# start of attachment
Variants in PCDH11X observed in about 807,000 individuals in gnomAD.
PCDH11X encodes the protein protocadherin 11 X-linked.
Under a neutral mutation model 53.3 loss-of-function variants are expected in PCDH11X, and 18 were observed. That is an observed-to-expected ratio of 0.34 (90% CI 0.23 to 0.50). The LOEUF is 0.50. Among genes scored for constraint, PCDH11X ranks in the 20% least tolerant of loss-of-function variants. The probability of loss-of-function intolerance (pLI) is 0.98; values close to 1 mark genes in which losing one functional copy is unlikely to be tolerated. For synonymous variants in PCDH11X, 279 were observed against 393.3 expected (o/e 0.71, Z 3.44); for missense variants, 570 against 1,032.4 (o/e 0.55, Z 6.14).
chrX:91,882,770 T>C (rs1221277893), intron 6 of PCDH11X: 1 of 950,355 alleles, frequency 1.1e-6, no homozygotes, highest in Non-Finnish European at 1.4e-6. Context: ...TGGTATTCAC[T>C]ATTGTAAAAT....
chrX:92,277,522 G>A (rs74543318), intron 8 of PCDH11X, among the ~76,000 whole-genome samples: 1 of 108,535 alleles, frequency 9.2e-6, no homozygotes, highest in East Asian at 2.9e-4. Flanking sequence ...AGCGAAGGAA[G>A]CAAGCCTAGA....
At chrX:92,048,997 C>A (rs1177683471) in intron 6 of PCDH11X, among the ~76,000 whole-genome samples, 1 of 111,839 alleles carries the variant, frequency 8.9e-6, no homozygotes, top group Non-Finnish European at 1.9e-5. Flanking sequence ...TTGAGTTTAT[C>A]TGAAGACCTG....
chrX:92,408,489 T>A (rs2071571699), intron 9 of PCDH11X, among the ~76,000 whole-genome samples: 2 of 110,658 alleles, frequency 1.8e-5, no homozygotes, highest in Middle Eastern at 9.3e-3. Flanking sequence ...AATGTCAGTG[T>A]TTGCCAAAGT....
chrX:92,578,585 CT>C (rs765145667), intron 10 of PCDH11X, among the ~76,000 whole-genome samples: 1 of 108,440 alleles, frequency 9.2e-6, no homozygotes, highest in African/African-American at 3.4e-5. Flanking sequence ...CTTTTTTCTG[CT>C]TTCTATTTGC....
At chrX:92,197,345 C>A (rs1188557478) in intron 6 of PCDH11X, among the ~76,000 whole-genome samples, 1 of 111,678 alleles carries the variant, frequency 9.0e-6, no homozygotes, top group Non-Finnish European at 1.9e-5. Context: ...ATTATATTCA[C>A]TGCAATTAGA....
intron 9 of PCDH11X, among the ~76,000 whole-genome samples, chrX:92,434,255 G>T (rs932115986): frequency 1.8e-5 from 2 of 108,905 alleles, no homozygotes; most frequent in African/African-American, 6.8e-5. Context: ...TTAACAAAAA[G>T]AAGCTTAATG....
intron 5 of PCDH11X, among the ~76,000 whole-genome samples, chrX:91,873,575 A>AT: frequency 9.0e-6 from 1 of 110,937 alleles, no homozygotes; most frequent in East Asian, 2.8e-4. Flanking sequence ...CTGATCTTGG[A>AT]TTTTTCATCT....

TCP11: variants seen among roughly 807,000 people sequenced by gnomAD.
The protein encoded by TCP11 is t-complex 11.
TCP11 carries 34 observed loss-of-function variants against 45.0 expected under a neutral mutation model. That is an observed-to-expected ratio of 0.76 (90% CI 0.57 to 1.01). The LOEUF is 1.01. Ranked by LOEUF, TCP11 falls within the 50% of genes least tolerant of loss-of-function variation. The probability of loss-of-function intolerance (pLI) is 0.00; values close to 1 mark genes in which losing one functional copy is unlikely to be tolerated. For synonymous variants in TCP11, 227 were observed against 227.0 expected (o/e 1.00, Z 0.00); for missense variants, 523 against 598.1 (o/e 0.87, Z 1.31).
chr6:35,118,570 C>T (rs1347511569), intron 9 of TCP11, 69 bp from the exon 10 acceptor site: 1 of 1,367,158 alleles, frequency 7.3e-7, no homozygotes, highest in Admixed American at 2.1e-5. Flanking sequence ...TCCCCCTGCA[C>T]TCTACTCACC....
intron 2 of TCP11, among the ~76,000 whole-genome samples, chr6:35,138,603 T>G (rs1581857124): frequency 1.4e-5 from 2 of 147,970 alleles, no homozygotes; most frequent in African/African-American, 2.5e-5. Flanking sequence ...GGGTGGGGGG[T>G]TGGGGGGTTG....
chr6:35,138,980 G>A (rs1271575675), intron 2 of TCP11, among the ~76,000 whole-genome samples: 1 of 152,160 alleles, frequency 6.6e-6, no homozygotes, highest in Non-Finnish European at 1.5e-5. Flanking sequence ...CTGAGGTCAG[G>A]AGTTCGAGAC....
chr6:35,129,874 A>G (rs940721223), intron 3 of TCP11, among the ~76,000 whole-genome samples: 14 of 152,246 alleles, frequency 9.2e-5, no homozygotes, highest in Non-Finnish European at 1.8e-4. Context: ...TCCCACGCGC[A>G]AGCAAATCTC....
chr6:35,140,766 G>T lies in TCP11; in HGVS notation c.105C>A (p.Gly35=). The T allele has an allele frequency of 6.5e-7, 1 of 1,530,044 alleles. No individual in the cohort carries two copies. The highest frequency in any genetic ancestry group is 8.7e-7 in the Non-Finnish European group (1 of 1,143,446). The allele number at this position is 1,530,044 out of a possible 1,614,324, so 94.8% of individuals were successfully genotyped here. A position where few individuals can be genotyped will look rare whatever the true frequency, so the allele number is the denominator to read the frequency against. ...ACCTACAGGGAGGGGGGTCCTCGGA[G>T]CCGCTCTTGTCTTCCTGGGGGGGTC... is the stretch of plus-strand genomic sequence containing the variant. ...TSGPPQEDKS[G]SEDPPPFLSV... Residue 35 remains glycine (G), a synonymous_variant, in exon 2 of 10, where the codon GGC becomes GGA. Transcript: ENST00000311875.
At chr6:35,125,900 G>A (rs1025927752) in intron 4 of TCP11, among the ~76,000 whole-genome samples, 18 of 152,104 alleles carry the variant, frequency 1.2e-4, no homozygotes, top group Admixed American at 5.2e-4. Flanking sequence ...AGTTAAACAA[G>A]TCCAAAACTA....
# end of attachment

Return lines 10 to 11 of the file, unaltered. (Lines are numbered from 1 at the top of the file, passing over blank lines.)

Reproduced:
intron 9 of PCDH11X, among the ~76,000 whole-genome samples, chrX:92,434,255 G>T (rs932115986): frequency 1.8e-5 from 2 of 108,905 alleles, no homozygotes; most frequent in African/African-American, 6.8e-5. Context: ...TTAACAAAAA[G>T]AAGCTTAATG....
intron 5 of PCDH11X, among the ~76,000 whole-genome samples, chrX:91,873,575 A>AT: frequency 9.0e-6 from 1 of 110,937 alleles, no homozygotes; most frequent in East Asian, 2.8e-4. Flanking sequence ...CTGATCTTGG[A>AT]TTTTTCATCT....